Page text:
Introduction

The Reverdit Shelter (Sergeac, Dordogne) is part of an astounding concentration of Palaeolithic sites in the Vézère Valley. It is found in the Castel-Merle valley in the midst of a unique archaeological ensemble. This small valley contains no fewer than eleven Palaeolithic sites, most of them decorated, occupation of which extends from the Neanderthals (80,000 years BP) to the final Ice Age hunter-gatherers (8,000 years BP).

History

Alain Reverdit discovered the site in 1878, and apparently emptied out most of the shelter. From 1911 to 1914, Franck Delage extended the excavations to the embankment in front in the form of two trenches. In the mid-1980s, Danielle Robin and Alain Roussot carried out a sondage of the southern end of the shelter and established a new stratigraphic cross-section. The site was recently the subject of a new global study that addressed both the archaeological material (Delage and Robin-Roussot excavations) and the wall art.

Topography

The east-facing shelter sits at the foot of a cliff and faces the left bank of the valley. It is rather small: about 15 metres long, a maximum depth of 5 metres and a height that does not exceed 3 metres. The vault of the shelter has almost completely collapsed, and it is blocked by a cone of rubble containing archaeological levels. Very likely the site continued in this direction. A gently-sloping terrace extends out in front of the shelter.

Chrono-stratigraphy

The site's occupation is only partly known, since nothing or nearly nothing has survived from Reverdit's excavations. Comparing the stratigraphic data from various researchers appears to indicate three archaeological layers. The recent re-examination of archaeological material and the initial Carbon-14 dating results show that the site was visited at several different occasions, starting in the Badegoulian period, then in the Magdalenian, particularly the Lower Magdalenian (15–13,000 years BP).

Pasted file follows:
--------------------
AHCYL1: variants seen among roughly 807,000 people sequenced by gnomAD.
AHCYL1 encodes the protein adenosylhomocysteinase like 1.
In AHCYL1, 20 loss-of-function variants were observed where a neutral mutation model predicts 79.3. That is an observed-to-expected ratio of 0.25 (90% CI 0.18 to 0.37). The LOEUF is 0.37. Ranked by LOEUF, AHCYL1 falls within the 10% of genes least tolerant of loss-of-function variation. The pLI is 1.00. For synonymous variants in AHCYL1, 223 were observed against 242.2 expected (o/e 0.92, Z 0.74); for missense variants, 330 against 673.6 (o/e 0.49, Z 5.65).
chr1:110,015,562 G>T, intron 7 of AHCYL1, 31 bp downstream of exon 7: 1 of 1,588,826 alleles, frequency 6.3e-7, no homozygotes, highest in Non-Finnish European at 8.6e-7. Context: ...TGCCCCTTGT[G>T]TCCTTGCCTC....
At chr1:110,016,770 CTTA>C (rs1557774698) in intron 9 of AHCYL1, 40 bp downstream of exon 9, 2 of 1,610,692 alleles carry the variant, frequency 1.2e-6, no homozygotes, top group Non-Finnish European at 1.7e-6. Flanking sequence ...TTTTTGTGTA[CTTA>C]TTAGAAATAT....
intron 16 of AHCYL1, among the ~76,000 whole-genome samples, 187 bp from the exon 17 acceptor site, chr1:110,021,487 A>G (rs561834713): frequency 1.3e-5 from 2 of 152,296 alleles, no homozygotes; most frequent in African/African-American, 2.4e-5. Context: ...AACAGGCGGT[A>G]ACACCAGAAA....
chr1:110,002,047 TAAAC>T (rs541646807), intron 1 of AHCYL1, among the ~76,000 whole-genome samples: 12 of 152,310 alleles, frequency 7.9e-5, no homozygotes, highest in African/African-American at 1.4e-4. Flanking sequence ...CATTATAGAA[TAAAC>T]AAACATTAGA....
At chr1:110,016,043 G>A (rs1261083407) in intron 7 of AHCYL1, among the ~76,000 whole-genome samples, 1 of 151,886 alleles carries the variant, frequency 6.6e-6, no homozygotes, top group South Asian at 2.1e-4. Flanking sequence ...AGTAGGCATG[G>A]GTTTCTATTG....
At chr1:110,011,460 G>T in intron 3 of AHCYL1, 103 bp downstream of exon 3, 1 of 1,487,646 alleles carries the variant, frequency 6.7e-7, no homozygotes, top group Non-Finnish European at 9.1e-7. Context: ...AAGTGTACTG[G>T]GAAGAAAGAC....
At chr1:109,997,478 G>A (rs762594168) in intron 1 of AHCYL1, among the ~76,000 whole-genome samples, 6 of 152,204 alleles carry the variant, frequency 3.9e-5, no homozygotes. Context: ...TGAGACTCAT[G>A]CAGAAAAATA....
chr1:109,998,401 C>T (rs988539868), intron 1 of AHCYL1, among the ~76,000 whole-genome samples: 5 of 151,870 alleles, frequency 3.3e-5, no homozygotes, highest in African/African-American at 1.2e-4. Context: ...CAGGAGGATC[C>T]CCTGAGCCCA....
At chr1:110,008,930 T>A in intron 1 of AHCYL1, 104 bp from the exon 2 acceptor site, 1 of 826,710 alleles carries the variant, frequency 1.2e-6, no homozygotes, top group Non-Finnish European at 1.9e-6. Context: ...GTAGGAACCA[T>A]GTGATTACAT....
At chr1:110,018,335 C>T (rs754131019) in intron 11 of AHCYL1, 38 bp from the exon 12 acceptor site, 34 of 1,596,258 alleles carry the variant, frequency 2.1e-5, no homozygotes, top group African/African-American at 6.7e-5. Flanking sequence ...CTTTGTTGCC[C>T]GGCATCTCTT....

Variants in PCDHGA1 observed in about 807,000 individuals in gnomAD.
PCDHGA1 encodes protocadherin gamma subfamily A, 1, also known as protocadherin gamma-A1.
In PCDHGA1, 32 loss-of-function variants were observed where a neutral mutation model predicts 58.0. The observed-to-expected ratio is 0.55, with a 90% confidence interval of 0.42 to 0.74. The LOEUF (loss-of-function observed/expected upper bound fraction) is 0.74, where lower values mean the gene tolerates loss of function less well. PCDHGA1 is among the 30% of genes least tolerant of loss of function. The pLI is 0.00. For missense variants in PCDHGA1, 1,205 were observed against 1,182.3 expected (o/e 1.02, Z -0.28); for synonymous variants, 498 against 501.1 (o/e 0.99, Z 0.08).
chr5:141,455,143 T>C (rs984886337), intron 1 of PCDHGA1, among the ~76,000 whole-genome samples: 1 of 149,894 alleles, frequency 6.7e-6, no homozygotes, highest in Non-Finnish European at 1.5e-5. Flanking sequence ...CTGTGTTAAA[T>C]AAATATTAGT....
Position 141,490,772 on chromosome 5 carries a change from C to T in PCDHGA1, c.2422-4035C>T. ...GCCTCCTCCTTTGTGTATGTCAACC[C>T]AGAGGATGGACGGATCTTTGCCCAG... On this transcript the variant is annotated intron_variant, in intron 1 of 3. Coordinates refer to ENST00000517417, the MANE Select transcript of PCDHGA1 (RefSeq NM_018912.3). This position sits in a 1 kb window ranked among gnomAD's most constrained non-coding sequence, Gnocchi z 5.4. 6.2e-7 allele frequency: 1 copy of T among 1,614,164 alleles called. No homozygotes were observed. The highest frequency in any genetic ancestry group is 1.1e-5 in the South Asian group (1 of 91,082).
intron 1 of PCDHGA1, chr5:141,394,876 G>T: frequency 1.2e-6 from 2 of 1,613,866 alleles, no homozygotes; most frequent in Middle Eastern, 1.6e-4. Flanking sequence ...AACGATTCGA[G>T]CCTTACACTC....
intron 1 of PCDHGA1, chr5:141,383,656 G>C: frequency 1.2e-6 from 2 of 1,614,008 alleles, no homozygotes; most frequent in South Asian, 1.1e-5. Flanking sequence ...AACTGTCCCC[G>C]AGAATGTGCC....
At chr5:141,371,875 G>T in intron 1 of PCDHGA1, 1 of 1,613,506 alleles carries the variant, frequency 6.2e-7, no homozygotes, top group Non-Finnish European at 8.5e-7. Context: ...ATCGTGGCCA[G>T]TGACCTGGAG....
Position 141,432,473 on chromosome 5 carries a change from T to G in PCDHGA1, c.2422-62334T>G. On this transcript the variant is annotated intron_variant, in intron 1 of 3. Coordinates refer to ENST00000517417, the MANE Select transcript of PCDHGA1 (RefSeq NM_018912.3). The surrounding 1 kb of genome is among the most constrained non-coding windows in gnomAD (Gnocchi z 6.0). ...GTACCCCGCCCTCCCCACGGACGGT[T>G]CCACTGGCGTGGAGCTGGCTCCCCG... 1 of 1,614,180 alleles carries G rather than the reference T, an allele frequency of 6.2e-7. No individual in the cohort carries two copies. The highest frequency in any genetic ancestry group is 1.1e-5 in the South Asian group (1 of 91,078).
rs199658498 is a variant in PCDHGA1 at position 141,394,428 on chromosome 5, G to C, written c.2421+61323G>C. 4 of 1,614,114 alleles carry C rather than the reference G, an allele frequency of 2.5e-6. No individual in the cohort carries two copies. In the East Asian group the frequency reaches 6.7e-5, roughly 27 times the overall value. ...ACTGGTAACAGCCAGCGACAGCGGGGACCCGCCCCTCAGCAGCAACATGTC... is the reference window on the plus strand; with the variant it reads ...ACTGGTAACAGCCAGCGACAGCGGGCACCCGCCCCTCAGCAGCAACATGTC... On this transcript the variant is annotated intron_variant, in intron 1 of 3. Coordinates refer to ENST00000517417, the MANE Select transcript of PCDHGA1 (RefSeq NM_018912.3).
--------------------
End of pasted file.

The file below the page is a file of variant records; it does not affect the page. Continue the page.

Archaeological context

The archaeological material from the Reverdit excavations has been lost, and those of the Delage campaign have been mixed together in such a way as to make characterisation of the various occupations difficult. A number of hearths were found. There is abundant and various material, mainly consisting of stone working and animal remains, with some traces of bone working and a few pieces of decorative elements and portable art. All this evidence points to lengthy and/or repeated occupation of the site.

Wall art

Nineteen stone blocks decorated with animal figures and abstract designs were discovered by Franck Delage. However, the frieze at the back of the shelter was not uncovered until 1923 by Marcel Castanet, probably due to vegetation that concealed it. It has altered significantly, and has given rise to multiple, sometimes contradictory interpretations. Recent analytical efforts have isolated with certainty four sculpted animal figures and traces of an initial sculpted group.